(Puglia, Reed & Rhodes, 2004), we included a Kodak Q-13 gray scale 
target with each scan, which improved the accuracy and consistency of 
color and tone reproduction. We also used ICC color profiles, 
converting the ColorSync Workflow profile (standard for Epson 
scanners) to the Adobe RGB 1998 workspace for post-processing in 
Adobe Photoshop. We were not entirely satisfied with the results, and 
realized that color management software would have been useful for 
profiling and calibrating our scanners and monitors. In addition, the 
presence of several large windows in the Visual Resources Center 
meant that lighting was highly variable and rendered difficult the 
comparison of the originals against the digitized images to check 
quality and accuracy for color, brightness, and tone. The process was 
less consistent and more subjective than we would have preferred, but 
that was a drawback of being housed in a building constructed in 1896 
with windows intended to provide as much natural illumination as 

Another obstacle was the condition of many of the items, 
especially the photographs, some of which dated from the nineteenth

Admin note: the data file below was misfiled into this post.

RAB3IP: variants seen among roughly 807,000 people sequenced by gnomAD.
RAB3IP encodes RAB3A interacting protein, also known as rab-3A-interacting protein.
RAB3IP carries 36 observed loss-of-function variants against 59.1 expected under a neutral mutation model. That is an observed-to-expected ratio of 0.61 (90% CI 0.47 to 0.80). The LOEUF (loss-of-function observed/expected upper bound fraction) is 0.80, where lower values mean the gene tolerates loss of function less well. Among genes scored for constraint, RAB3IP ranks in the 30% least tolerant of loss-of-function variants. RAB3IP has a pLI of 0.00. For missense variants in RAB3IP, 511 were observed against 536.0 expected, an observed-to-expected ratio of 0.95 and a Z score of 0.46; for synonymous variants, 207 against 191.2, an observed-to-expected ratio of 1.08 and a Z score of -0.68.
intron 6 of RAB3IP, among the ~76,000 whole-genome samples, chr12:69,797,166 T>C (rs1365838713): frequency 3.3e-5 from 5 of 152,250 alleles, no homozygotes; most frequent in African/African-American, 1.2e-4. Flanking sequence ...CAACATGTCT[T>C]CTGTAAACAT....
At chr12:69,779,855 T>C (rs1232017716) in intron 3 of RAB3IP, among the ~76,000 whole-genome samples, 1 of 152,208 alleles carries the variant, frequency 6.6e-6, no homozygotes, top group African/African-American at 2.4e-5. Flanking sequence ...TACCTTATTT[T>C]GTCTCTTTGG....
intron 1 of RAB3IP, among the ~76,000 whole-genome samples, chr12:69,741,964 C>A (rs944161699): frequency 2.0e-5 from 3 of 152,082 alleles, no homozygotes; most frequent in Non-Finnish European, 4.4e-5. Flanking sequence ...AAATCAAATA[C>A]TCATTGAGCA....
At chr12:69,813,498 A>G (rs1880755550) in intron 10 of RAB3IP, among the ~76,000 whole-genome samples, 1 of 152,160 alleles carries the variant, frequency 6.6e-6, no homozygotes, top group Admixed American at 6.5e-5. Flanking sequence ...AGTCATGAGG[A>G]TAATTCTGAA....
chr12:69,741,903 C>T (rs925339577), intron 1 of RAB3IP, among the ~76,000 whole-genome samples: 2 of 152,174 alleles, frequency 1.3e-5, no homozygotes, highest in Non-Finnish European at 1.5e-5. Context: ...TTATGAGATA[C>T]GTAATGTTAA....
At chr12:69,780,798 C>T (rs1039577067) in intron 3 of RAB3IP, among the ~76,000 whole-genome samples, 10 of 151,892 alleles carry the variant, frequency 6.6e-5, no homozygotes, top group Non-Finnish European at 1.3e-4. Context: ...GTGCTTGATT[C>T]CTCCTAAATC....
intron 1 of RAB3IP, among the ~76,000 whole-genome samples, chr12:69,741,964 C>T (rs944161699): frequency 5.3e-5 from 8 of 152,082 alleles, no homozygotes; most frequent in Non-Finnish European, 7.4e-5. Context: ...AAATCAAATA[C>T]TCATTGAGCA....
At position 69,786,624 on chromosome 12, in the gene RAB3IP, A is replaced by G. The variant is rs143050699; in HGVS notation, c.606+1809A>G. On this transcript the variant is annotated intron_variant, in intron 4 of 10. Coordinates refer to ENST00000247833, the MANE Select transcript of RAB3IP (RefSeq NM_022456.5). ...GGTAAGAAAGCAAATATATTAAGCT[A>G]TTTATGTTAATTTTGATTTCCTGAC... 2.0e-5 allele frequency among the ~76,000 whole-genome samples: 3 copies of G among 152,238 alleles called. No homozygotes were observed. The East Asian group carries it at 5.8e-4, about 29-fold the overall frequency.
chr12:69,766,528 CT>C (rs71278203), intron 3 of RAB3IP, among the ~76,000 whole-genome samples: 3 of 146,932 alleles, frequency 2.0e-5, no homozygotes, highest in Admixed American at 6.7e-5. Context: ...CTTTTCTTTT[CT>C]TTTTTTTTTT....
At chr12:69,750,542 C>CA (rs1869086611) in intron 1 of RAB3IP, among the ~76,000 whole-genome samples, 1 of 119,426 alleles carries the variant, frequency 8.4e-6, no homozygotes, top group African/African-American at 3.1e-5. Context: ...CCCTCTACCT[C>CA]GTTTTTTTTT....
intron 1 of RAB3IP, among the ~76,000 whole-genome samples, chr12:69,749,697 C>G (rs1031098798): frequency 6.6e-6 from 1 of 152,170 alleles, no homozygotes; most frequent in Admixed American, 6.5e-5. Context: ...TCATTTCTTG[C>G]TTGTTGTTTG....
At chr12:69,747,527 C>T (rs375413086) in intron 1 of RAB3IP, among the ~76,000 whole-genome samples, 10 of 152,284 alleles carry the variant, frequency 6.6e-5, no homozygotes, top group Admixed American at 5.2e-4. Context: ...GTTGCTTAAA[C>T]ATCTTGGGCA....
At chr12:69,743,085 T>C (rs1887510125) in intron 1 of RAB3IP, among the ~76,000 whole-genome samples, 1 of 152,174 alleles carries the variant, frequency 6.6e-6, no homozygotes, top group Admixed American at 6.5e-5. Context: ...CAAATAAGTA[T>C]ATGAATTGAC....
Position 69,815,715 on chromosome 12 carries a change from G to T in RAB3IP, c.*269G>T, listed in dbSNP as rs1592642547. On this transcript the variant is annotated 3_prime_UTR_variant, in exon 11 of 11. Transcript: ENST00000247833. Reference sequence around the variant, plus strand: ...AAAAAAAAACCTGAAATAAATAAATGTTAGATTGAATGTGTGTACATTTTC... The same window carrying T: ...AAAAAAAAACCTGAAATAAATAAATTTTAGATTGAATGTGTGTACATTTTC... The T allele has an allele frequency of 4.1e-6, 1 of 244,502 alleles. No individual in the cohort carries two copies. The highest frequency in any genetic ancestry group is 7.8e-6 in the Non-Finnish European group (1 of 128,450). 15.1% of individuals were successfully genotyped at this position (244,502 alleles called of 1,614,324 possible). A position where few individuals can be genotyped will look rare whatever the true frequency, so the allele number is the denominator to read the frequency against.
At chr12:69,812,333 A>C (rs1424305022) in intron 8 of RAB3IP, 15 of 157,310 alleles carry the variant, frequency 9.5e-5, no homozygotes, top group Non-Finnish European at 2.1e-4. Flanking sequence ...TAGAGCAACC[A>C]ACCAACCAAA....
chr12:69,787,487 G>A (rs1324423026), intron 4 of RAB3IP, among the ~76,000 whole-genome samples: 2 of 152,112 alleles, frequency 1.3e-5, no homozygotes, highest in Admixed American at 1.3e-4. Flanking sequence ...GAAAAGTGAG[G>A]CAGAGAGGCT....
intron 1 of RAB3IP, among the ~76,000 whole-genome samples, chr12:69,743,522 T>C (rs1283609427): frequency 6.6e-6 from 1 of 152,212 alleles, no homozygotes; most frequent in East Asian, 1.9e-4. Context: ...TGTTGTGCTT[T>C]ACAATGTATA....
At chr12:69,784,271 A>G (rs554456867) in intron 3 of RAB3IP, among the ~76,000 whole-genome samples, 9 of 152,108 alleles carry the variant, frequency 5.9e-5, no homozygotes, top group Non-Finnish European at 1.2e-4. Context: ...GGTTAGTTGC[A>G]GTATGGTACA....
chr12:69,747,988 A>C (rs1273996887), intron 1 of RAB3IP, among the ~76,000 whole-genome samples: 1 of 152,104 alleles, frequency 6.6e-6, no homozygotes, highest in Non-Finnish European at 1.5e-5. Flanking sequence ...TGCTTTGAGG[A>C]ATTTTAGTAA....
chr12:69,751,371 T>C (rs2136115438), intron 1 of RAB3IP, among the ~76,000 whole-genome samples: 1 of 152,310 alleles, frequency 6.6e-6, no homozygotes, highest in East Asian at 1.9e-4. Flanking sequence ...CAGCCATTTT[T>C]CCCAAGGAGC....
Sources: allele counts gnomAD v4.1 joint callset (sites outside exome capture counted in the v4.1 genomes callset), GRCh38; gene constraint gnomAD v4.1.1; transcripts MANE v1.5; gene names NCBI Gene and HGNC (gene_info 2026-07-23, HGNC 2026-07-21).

and early-twentieth centuries and suffered from cracks, brittle paper, 
peeling emulsions, and other damage. They were housed in archival 
polyethylene or Melinex sleeves for protection, which meant the 
scanning technician had to remove and replace the images from the 

Pratt Institute: A Historical Snapshot of Campus and Area 311 

sleeves carefully to avoid inflicting further damage. The technician, 
after scanning, made attempts in Photoshop to minimize some of the 
visual imperfections that appeared in the scans because of the 
condition of the originals. This was a time-consuming process. 
However, this project was as much about preservation as it was access 
and outreach. Several images were chosen precisely because they 
would not last much longer. 

One positive result of these problems was the creation of 
standards for imaging workflow and various file-management issues 
such as naming conventions and folder hierarchy systems. In one way, 
the scanning issues we had to confront were beneficial (albeit 
annoying), because they provided us with a solid foundation of 
practical experience working with a variety of formats that would 
allow us in future projects to anticipate potential problems and enable 
us to construct schedules that would accommodate them. They also 
gave us a greater understanding of the logistics involved in the